First of all, Lucy Snowe was a heroine close to my heart – shyly retiring yet unwilling to be let anyone take advantage of her. As many of my students know, I have serious issues with the current trend toward the “feisty” heroine of historical novels – because social conventions often constrained women in ways that don’t lend themselves to feistiness. Lucy was very close to another book and heroine I love, Fanny Price from Mansfield Park, an Austen novel that nearly made it onto my list. More on Austen in a bit.
In addition, I’ve always been intrigued by how Brontë allowed her father to overrule her initial impulse toward a tragic ending – prompting her to soften it and give the reader room to perhaps create the romantic ending they wanted. As someone who recently had to change the ending of Beyond the Ghetto Gates. several times to accommodate comments from my beta readers, I understand Brontë giving in to pressure – even while I still think the tragedy would have suited the narrative better than the uncertain ending she gave us.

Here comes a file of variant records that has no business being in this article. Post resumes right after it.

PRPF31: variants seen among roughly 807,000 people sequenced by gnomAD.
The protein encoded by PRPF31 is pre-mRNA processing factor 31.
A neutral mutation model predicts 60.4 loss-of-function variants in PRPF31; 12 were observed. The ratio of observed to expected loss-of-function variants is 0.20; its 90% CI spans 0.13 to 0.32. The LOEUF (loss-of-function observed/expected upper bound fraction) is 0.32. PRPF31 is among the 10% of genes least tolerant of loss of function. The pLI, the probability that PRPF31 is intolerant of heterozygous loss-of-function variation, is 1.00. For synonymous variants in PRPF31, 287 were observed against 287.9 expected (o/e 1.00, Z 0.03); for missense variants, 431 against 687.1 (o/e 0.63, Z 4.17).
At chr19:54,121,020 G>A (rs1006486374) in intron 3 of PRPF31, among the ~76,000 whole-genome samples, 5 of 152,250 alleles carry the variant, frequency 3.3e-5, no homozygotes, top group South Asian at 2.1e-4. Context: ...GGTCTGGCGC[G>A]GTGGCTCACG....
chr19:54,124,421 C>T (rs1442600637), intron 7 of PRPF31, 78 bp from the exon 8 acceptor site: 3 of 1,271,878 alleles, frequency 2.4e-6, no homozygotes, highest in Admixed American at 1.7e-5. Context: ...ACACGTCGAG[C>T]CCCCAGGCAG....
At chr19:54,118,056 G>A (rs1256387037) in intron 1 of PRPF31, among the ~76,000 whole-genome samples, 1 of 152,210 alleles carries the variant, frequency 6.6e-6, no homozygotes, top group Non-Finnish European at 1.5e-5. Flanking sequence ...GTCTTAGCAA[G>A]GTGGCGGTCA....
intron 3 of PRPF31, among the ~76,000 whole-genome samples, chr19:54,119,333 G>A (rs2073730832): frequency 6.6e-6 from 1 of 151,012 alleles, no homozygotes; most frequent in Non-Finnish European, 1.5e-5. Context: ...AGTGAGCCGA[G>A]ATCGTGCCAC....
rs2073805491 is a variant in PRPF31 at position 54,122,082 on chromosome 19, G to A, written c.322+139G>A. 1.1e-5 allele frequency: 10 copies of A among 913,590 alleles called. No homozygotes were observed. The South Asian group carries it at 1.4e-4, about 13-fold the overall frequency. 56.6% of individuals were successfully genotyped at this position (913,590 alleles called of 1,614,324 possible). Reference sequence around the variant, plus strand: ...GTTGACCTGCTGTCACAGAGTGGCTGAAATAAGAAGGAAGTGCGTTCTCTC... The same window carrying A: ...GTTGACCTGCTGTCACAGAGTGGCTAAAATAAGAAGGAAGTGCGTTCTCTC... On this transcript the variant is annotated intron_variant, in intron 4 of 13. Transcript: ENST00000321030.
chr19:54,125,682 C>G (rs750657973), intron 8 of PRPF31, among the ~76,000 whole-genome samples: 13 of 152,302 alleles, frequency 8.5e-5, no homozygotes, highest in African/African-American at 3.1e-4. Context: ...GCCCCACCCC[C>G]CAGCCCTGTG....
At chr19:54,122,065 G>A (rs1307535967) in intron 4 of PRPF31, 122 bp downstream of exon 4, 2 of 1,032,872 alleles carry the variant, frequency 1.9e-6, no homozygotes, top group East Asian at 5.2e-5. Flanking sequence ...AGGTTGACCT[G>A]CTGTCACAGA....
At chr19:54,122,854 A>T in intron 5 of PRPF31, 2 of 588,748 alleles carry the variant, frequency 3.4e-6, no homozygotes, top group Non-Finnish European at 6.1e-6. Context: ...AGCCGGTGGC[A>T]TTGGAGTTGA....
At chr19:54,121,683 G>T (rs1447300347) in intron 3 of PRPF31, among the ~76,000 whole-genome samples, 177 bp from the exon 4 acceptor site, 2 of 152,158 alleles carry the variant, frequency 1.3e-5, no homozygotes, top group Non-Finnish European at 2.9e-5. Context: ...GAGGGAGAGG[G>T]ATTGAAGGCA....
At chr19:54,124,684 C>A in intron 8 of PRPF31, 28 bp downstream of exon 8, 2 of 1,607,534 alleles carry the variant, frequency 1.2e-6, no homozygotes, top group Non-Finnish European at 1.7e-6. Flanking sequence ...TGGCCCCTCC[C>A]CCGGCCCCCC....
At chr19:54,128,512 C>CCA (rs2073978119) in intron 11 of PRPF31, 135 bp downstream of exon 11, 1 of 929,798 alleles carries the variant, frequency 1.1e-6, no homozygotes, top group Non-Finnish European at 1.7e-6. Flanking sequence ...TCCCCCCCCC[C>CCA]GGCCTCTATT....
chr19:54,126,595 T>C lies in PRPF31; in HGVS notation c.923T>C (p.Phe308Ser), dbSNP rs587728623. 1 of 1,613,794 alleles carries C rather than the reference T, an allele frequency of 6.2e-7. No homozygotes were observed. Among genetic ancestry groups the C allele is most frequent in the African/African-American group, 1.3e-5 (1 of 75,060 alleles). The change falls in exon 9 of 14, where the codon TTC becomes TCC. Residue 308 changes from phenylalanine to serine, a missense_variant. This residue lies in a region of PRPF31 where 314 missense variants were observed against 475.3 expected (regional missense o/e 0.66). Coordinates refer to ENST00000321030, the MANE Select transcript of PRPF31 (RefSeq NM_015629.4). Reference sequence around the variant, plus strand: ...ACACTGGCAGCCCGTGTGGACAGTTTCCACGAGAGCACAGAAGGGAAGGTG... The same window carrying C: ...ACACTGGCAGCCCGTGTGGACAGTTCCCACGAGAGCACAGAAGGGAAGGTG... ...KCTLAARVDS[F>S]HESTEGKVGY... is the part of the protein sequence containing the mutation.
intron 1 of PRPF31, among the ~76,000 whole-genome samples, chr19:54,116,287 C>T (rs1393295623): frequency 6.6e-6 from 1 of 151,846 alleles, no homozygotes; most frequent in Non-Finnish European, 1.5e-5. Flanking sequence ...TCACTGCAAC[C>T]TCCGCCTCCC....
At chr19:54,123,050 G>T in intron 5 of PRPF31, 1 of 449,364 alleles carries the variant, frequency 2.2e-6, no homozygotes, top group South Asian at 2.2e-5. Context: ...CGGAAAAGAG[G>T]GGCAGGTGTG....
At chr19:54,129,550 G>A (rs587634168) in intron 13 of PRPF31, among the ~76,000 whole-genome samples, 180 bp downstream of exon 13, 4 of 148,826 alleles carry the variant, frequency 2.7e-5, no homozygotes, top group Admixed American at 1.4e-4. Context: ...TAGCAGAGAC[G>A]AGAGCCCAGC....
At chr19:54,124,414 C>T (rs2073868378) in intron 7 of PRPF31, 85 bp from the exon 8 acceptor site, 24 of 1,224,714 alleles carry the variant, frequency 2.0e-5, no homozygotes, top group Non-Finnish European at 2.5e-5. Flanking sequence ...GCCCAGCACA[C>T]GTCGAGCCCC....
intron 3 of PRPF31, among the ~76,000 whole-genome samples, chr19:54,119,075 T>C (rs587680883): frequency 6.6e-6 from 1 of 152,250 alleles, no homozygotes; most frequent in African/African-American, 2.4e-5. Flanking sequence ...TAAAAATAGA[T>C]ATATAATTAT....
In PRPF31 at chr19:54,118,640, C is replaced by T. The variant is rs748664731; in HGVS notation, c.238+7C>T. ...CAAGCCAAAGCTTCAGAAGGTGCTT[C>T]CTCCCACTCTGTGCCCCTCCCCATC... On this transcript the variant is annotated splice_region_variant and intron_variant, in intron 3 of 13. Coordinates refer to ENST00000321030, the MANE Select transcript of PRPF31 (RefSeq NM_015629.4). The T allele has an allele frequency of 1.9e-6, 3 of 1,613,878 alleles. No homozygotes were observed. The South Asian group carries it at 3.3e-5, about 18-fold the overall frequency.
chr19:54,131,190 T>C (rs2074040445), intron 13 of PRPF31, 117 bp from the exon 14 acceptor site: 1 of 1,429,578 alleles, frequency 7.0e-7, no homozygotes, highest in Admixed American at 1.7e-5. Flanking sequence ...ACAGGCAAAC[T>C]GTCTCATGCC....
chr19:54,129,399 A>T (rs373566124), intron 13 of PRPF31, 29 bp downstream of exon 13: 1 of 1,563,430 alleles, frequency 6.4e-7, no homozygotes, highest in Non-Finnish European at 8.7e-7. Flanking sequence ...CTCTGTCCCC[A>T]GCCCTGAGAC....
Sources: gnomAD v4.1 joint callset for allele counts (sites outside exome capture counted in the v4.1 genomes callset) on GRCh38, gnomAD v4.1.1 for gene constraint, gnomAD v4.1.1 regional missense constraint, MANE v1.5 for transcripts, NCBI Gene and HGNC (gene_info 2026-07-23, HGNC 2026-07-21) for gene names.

Day 3: Portrait of Jennie by Robert Nathan
This poetic, mysterious novel of a girl who apparently grows up more rapidly than actual time would allow and the artist who falls in love with her, finally painting a stunning portrait of her that would grace the walls of a museum, is a book that stays with you long after you put it down. I never liked the movie version, which might be unfair, because I don’t think any film could capture the ethereal, mystical atmosphere of Nathan’s novel.
Day 4: Daniel Deronda by George Eliot
As much as I love Austen and two of the three Brontës (Wuthering Heights always freaked me out), I admire George Eliot’s sense of world and craft beyond compare. And of course, I pondered whether her masterwork, Middlemarch, should have been the cover to list, but Daniel Deronda holds a special place in my heart.